Sermons

Summary: In Jesus our identity is to be children of God who are mature, or growing in maturity. This identity means that we are incompatible with the world, therefore we cannot love the world.

You can listen to the full message here:-

https://nec.org.au/knowing-you-have-eternal-life/

Message

1 John 2:12-17

When Identity and Actions Are Incompatible

Last year I brought an USB router off ebay – it was really cheap. I made sure it was being sold by a seller based in Australia. It turned out that, somehow, sellers can pretend they are based in Australia even when they are not.

When the router came the plug was the style they use in America.

American plugs don’t fit into Australian electrical sockets.

I now know why the USB router was so cheap – it was incompatible.

Incompatible means that two things are so different they cannot go together.

Sometimes you can come up with ways to make them go together. In my case I brought a plug adapter and the USB router works fine.

But there are other times where, no matter what you do, you cannot get the two incompatible things to go together.

Our text today from 1 John 2:14-17 tells us about two situations which are incompatible.

1 John 2:12-17

12 I am writing to you, dear children, because your sins have been forgiven on account of his name. 13 I am writing to you, fathers, because you know him who is from the beginning. I am writing to you, young men, because you have overcome the evil one.

14 I write to you, dear children, because you know the Father. I write to you, fathers, because you know him who is from the beginning. I write to you, young men, because you are strong, and the word of God lives in you, and you have overcome the evil one.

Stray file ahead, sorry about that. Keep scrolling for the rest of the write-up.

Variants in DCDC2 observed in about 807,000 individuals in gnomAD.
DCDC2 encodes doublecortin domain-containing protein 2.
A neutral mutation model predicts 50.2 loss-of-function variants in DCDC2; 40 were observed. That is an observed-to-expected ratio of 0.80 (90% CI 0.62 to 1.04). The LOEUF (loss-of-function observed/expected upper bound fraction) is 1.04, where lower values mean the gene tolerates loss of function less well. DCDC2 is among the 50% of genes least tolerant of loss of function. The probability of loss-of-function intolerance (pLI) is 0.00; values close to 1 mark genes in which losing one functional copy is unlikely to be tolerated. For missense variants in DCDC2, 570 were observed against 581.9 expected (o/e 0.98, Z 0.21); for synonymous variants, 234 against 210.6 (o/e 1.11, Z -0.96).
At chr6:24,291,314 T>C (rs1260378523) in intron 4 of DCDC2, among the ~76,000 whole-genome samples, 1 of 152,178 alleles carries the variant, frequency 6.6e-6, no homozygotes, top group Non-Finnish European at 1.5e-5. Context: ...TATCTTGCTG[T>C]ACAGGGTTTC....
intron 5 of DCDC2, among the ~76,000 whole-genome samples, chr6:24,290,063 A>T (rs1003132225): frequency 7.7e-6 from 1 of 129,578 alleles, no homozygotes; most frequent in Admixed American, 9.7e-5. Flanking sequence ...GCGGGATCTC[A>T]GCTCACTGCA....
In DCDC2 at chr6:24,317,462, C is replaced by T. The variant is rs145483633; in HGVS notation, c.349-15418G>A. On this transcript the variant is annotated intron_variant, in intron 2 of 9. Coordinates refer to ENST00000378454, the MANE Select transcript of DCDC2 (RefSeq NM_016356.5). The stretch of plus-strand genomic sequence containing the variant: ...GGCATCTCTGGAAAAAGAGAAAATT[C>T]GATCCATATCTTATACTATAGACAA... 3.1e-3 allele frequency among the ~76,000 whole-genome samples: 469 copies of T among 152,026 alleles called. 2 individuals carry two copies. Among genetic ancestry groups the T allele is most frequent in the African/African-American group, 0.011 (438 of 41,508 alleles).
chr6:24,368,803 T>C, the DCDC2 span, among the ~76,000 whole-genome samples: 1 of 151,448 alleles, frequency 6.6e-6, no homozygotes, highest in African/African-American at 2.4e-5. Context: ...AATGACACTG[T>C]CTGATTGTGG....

15 Do not love the world or anything in the world. If anyone loves the world, love for the Father is not in them. 16 For everything in the world – the lust of the flesh, the lust of the eyes, and the pride of life – comes not from the Father but from the world. 17 The world and its desires pass away, but whoever does the will of God lives for ever.

Up to this point in the letter John has been asking some very significant questions and getting the readers to think deeply about the state of their faith relationship.

And if we are honest it has been pretty intense.

Do I claim to be one sort of person and live a different way?

Am I deceiving myself?

Have I become a hypocrite?

These have been pretty intense discussions. It has been necessary … but it has been intense. Now because John is disciples with a strong pastoral heart John knows that intense discussions like this can only go on for so long. So here John takes a break to remind the readers who they are … to give them reassurance about their Christian identity.

So who are the “children”, the “fathers” and the “young men”?

And you are also thinking, “What about the mothers and the young women?”

Well, actually, those two questions are linked.

Starting with the children. John is not focussing on a specific age group.

The Finns, Leons, Arthurs, Lydias, Enus, Jirehs, Micahs, Gabbies, Abbys, Ambers and Theos.

John loves the children.

NEC loves the children as well.

But in this text children are not defined by age – rather it is a collective of a group of people.

1 John 2:1

My dear children, I write this to you so that you will not sin

1 John 3:7

Dear children, do not let anyone lead you astray.

The children are all the members of all the congregations that John is writing to. They are the ones whose sins have been forgiven. They are the ones who know the Father. The “children” are all of us who believe in Jesus … male or female.

“Children” is a collective word.

“Fathers” is also a collective word.

It is not a collective for a group of people – it is a collective for a spiritual stage of life. That stage when we have a mature faith that enables us to be able to speak spiritual direction into the lives of others. The “fathers” are those to whom we go for training in Christian living.

So this collective includes males and females.

But also realise that this collective does not necessarily refer to people who are older. There are some “fathers” who are quite young, yet it is to these people that some will go for spiritual direction and training. Equally true is the fact that there are some older people to whom very few would turn to as “father” – they just don’t have the maturity.

John is saying that within the readers such “fathers” exist – they are the ones who have known him who is from the beginning.

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